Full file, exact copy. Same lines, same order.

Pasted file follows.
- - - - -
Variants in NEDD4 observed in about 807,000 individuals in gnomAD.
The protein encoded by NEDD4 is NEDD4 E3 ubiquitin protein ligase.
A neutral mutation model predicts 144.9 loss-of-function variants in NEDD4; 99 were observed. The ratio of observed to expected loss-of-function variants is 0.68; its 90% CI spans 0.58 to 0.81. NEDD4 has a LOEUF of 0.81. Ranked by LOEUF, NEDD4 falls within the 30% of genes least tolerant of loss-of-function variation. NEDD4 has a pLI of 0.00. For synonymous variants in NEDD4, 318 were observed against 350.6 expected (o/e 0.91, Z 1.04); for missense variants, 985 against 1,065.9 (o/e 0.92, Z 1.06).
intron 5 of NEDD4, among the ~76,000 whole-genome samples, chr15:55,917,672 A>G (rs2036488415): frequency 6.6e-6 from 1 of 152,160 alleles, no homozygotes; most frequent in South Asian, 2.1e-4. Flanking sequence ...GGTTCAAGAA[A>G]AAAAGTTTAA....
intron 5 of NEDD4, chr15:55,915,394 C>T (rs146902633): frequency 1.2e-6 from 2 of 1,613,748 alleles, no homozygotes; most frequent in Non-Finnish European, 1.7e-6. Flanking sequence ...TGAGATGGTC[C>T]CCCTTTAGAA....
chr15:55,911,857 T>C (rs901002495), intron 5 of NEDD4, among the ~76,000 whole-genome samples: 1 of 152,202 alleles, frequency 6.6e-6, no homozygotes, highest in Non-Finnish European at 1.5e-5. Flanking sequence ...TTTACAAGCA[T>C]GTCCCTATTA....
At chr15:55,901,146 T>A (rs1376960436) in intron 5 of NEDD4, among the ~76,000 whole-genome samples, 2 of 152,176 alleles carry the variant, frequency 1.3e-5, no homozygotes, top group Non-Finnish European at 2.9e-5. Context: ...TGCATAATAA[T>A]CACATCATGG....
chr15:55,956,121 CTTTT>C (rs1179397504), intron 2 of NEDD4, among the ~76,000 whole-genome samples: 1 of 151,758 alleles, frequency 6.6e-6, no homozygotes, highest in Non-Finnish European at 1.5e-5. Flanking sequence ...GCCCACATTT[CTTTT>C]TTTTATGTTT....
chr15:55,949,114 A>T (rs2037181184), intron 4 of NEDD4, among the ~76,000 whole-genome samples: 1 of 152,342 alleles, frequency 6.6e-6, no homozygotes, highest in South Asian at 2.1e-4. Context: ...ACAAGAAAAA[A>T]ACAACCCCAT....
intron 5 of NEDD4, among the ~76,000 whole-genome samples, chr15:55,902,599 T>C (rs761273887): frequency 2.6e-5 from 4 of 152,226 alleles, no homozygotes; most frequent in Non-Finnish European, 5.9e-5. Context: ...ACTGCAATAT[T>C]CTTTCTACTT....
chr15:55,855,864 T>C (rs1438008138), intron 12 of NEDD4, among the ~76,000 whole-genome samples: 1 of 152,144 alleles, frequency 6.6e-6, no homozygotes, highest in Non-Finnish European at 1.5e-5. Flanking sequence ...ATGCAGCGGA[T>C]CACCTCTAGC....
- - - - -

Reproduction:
Variants in NEDD4 observed in about 807,000 individuals in gnomAD.
The protein encoded by NEDD4 is NEDD4 E3 ubiquitin protein ligase.
A neutral mutation model predicts 144.9 loss-of-function variants in NEDD4; 99 were observed. The ratio of observed to expected loss-of-function variants is 0.68; its 90% CI spans 0.58 to 0.81. NEDD4 has a LOEUF of 0.81. Ranked by LOEUF, NEDD4 falls within the 30% of genes least tolerant of loss-of-function variation. NEDD4 has a pLI of 0.00. For synonymous variants in NEDD4, 318 were observed against 350.6 expected (o/e 0.91, Z 1.04); for missense variants, 985 against 1,065.9 (o/e 0.92, Z 1.06).
intron 5 of NEDD4, among the ~76,000 whole-genome samples, chr15:55,917,672 A>G (rs2036488415): frequency 6.6e-6 from 1 of 152,160 alleles, no homozygotes; most frequent in South Asian, 2.1e-4. Flanking sequence ...GGTTCAAGAA[A>G]AAAAGTTTAA....
intron 5 of NEDD4, chr15:55,915,394 C>T (rs146902633): frequency 1.2e-6 from 2 of 1,613,748 alleles, no homozygotes; most frequent in Non-Finnish European, 1.7e-6. Flanking sequence ...TGAGATGGTC[C>T]CCCTTTAGAA....
chr15:55,911,857 T>C (rs901002495), intron 5 of NEDD4, among the ~76,000 whole-genome samples: 1 of 152,202 alleles, frequency 6.6e-6, no homozygotes, highest in Non-Finnish European at 1.5e-5. Flanking sequence ...TTTACAAGCA[T>C]GTCCCTATTA....
At chr15:55,901,146 T>A (rs1376960436) in intron 5 of NEDD4, among the ~76,000 whole-genome samples, 2 of 152,176 alleles carry the variant, frequency 1.3e-5, no homozygotes, top group Non-Finnish European at 2.9e-5. Context: ...TGCATAATAA[T>A]CACATCATGG....
chr15:55,956,121 CTTTT>C (rs1179397504), intron 2 of NEDD4, among the ~76,000 whole-genome samples: 1 of 151,758 alleles, frequency 6.6e-6, no homozygotes, highest in Non-Finnish European at 1.5e-5. Flanking sequence ...GCCCACATTT[CTTTT>C]TTTTATGTTT....
chr15:55,949,114 A>T (rs2037181184), intron 4 of NEDD4, among the ~76,000 whole-genome samples: 1 of 152,342 alleles, frequency 6.6e-6, no homozygotes, highest in South Asian at 2.1e-4. Context: ...ACAAGAAAAA[A>T]ACAACCCCAT....
intron 5 of NEDD4, among the ~76,000 whole-genome samples, chr15:55,902,599 T>C (rs761273887): frequency 2.6e-5 from 4 of 152,226 alleles, no homozygotes; most frequent in Non-Finnish European, 5.9e-5. Context: ...ACTGCAATAT[T>C]CTTTCTACTT....
chr15:55,855,864 T>C (rs1438008138), intron 12 of NEDD4, among the ~76,000 whole-genome samples: 1 of 152,144 alleles, frequency 6.6e-6, no homozygotes, highest in Non-Finnish European at 1.5e-5. Flanking sequence ...ATGCAGCGGA[T>C]CACCTCTAGC....